State v. Hills

Annotate this Case

129 So. 2d 12 (1960)

241 La. 345

STATE of Louisiana v. Henry HILLS.

No. 45060.

Supreme Court of Louisiana.

November 7, 1960.

On Rehearing April 24, 1961.

*15 George J. Gulotta, Peter J. Compagno, New Orleans, for defendant-appellant.

*16 Jack P. F. Gremillion, Atty. Gen., M. E. Culligan, Asst. Atty. Gen., Richard A. Dowling, Dist. Atty., Burton G. Klein, Asst. Dist. Atty., New Orleans, for appellee

HAMLIN, Justice.

The defendant, Henry Hills, appeals from his conviction of a violation of LSA-R.S. 14:42 (Aggravated Rape) and sentence of death, presenting for our consideration fourteen bills of exceptions reserved during the course of trial.

Because of their similarity, Bills of Exceptions Nos. 1 and 2 will be discussed jointly.

Bill of Exceptions No. 1 was taken to the ruling of the trial judge, which sustained the objection of the State to a question collectively propounded to six prospective jurors under the following circumstances:

"Mr. Gulotta, counsel for the defendant: "Q. Are any of you in sympathy with any integration or segregation organizations?" (Emphasis ours.)

Objection by the State.

"Mr. Gulotta: "We submit, may it please Your Honor, it is a proper question for the purpose of determining the mental condition of these jurors with reference to the issue in this case."[1] "Mr. Dowling, District Attorney for the Parish of Orleans: "They can ask whether or not they are prejudiced against this particular individual. They can't simply take the whole race, or the whole people of the organizations, or anything of that sort. "By the Court: "I believe for any juror to be qualified, he would have to state under voir dire that he did not have any prejudice against any individual. The Court sustains the State's objection. I think you are going too far afield."

In Bill of Exceptions No. 1 counsel for the defendant state that prior to the propounding of the above question, previous prospective jurors on voir dire examination were asked the same or similar questions without objection by the State. They allege that two of the previous prospective jurors stated that they were members of the Citizens Council of New Orleans, a prosegregation organization, and that the defendant, through his counsel, peremptorily challenged and excused the two jurors.

Bill of Exceptions No. 2 was reserved to the ruling of the trial judge which held that the following question, collectively propounded to six prospective jurors by counsel for the defendant, was objectionable and had the effect of enlarging the scope of personal prejudice:[2]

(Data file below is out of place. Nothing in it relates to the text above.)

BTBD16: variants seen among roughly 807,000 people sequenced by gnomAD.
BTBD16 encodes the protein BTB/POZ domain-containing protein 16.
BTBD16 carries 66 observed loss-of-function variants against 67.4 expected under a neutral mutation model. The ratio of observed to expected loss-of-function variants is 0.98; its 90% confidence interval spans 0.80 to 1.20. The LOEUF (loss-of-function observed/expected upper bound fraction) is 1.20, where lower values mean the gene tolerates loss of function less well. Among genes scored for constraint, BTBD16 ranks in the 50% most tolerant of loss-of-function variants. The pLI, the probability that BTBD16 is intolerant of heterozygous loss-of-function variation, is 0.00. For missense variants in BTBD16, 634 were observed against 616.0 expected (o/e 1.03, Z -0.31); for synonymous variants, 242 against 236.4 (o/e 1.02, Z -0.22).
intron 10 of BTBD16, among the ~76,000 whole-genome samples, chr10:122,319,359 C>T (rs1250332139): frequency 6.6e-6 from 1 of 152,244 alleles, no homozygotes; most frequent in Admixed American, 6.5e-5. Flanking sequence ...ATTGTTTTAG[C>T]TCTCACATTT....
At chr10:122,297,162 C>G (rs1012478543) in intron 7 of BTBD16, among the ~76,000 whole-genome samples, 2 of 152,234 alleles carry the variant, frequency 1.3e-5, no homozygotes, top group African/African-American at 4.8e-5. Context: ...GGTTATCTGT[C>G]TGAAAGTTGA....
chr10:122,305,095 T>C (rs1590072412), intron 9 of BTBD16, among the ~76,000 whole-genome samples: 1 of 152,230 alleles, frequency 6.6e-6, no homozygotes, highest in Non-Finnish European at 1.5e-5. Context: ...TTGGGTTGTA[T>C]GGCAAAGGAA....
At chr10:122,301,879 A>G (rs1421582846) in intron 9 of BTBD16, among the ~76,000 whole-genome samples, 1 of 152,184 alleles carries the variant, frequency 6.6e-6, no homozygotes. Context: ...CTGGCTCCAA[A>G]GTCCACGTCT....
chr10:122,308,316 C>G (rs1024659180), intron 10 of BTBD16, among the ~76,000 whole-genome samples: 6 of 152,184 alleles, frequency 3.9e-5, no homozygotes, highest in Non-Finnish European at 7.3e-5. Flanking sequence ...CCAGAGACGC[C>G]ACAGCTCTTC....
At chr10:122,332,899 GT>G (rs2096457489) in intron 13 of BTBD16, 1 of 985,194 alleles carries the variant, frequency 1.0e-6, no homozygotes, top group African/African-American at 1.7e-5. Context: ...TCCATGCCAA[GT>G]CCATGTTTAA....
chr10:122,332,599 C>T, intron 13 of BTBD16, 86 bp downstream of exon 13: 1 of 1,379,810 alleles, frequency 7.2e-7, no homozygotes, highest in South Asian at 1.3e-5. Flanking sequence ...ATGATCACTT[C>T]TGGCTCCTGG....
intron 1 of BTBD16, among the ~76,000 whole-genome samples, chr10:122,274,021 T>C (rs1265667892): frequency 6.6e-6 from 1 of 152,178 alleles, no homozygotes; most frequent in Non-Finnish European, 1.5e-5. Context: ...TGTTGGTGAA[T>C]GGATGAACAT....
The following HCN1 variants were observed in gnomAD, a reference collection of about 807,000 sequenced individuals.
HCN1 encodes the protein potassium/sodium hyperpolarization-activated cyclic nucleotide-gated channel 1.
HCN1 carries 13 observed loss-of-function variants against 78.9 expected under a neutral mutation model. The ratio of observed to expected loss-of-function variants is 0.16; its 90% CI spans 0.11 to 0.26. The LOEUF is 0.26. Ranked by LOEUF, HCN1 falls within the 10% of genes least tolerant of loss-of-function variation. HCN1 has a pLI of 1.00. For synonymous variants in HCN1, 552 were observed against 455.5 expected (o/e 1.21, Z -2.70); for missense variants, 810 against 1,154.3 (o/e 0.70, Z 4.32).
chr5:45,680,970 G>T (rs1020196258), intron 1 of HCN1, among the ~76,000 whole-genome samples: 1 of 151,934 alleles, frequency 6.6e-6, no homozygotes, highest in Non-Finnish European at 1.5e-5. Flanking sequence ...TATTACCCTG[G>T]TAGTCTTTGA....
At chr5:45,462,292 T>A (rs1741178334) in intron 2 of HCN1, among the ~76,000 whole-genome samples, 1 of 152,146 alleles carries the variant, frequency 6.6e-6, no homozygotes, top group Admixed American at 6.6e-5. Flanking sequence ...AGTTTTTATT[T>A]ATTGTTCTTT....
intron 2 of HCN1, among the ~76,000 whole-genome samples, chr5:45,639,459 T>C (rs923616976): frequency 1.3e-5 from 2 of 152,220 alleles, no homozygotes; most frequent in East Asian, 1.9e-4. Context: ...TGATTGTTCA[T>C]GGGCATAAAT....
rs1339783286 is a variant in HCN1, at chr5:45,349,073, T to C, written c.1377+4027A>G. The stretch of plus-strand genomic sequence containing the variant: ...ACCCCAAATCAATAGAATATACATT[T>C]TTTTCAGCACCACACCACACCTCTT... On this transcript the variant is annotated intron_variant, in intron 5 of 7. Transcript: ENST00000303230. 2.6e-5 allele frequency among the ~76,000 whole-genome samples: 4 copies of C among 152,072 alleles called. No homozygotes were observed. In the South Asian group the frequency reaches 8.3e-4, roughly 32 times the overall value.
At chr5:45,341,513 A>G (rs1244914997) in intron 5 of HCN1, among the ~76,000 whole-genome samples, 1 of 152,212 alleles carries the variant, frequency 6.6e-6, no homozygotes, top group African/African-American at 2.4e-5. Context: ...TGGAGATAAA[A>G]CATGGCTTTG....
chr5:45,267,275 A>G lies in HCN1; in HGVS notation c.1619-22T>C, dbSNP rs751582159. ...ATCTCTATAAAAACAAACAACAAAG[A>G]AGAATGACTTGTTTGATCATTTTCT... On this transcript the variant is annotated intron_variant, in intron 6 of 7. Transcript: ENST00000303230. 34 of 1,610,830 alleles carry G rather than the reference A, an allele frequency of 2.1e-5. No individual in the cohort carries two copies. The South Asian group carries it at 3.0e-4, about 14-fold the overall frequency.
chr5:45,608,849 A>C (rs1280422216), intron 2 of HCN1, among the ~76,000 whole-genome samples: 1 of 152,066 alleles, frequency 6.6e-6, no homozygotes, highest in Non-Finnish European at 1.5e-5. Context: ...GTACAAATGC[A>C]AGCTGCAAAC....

*17 "Do any of you gentlemen belong to any religious or segregation groups?" (Emphasis ours.)

In Bill of Exceptions No. 2 counsel for the defendant allege that the above question was propounded for the purpose of ascertaining and determining whether the prospective jurors were biased and prejudiced in arriving at a verdict and passing judgment on the guilt or innocence of the accused.[3]

The trial judge was of the opinion that the questions propounded to the prospective jurors were irrelevant and confusing, too general, and did not in any way tend to meet the test of a competent juror. He was of the further opinion that counsel for the defendant were trying to enlarge the scope of what could be considered legal prejudice or legal bias.

Counsel for the defendant admit in brief that they were not entitled to challenge for cause those prospective jurors who would have answered that they were members of segregation groups or organizations, or that they were segregation sympathizers,[4] but they contend that in order that they might have used the twelve peremptory challenges allowed by law to their best interest and advantage and as judgment dictated, the questions propounded to the prospective jurors as to whether they were members of segregation groups or organizations, or whether they were segregation sympathizers, were legally proper and should have been allowed, and that the trial judge's denial of an opportunity to so question these prospective jurors was a denial of a fair and impartial trial by a fair and impartial jury, a denial of Due Process of Law and equal protection of the law under the Fifth and Fourteenth Amendments of the Constitution of the United States, and a denial of the defendant's rights under the Bill of Rights of the Constitution of the State of Louisiana. Article I, Section 10, Louisiana Constitution of 1921, LSA; LSA-R.S. 15:354.